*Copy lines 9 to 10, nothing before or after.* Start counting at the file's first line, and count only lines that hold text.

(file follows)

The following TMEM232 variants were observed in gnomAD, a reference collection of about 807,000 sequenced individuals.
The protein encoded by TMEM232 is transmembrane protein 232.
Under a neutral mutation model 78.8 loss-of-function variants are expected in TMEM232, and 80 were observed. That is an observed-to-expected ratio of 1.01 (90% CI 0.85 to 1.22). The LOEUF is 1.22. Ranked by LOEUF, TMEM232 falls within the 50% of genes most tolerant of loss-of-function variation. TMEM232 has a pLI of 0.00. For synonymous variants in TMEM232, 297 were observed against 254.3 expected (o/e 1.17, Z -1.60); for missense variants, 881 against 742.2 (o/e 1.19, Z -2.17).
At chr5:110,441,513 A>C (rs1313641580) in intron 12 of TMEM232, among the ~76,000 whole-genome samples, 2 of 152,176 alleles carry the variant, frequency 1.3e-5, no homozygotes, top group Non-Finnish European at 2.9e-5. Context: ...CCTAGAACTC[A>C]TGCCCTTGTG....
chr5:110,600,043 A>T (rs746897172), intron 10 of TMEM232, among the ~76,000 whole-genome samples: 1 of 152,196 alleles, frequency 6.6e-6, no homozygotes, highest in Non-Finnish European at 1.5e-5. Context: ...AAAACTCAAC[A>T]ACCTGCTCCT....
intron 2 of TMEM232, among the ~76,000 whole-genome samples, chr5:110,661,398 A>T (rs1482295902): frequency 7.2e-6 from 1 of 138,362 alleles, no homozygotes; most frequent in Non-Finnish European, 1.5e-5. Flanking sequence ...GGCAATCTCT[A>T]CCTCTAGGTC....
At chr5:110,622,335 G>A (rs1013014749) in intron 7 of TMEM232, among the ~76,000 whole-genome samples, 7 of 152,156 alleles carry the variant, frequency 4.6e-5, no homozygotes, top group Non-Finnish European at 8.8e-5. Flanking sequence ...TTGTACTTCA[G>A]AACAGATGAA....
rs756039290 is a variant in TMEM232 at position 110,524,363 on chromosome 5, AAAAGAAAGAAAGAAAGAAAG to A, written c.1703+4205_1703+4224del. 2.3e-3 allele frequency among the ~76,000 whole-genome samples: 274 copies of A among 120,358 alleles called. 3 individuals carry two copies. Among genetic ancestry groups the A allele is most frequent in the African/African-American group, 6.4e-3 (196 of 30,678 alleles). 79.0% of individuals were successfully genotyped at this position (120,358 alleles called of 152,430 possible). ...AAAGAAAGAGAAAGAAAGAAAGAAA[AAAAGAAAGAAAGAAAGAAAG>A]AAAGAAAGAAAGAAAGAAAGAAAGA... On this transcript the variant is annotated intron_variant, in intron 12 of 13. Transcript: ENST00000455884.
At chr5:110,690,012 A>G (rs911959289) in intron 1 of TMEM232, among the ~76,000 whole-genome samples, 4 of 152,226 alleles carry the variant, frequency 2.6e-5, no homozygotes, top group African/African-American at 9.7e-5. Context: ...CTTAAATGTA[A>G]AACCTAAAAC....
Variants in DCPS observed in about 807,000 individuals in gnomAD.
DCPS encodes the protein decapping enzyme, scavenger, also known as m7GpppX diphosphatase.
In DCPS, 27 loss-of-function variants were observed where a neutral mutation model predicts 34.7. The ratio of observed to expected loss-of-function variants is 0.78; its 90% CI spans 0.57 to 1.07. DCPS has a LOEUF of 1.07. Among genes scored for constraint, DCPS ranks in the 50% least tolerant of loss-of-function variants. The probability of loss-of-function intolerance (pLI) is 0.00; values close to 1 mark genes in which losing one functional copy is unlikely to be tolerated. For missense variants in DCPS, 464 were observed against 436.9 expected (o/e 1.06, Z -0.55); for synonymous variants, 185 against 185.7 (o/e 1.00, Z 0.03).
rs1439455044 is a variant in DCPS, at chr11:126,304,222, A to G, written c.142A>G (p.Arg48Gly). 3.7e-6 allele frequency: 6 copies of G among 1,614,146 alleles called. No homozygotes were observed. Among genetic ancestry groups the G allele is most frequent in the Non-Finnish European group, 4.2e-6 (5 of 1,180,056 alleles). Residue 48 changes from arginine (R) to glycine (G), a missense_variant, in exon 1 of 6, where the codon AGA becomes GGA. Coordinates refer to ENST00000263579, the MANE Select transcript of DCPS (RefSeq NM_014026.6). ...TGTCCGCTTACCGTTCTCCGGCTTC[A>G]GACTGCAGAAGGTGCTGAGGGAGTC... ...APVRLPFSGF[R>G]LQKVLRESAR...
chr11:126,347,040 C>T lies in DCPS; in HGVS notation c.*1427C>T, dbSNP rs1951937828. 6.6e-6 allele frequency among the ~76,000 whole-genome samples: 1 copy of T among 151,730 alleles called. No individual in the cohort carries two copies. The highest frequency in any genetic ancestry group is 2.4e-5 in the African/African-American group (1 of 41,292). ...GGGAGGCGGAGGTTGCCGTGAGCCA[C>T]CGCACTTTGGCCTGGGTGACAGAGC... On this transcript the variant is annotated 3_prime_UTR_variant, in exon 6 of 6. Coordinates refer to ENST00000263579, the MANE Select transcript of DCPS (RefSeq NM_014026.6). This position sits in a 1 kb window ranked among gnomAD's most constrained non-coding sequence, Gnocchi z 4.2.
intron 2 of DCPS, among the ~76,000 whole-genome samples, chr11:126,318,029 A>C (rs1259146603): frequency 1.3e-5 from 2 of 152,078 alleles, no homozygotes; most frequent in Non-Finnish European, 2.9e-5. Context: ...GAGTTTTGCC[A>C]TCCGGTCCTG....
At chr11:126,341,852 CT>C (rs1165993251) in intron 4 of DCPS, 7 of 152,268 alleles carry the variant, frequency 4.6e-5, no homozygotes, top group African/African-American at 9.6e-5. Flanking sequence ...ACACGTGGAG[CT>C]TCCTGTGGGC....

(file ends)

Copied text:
At chr5:110,690,012 A>G (rs911959289) in intron 1 of TMEM232, among the ~76,000 whole-genome samples, 4 of 152,226 alleles carry the variant, frequency 2.6e-5, no homozygotes, top group African/African-American at 9.7e-5. Context: ...CTTAAATGTA[A>G]AACCTAAAAC....
Variants in DCPS observed in about 807,000 individuals in gnomAD.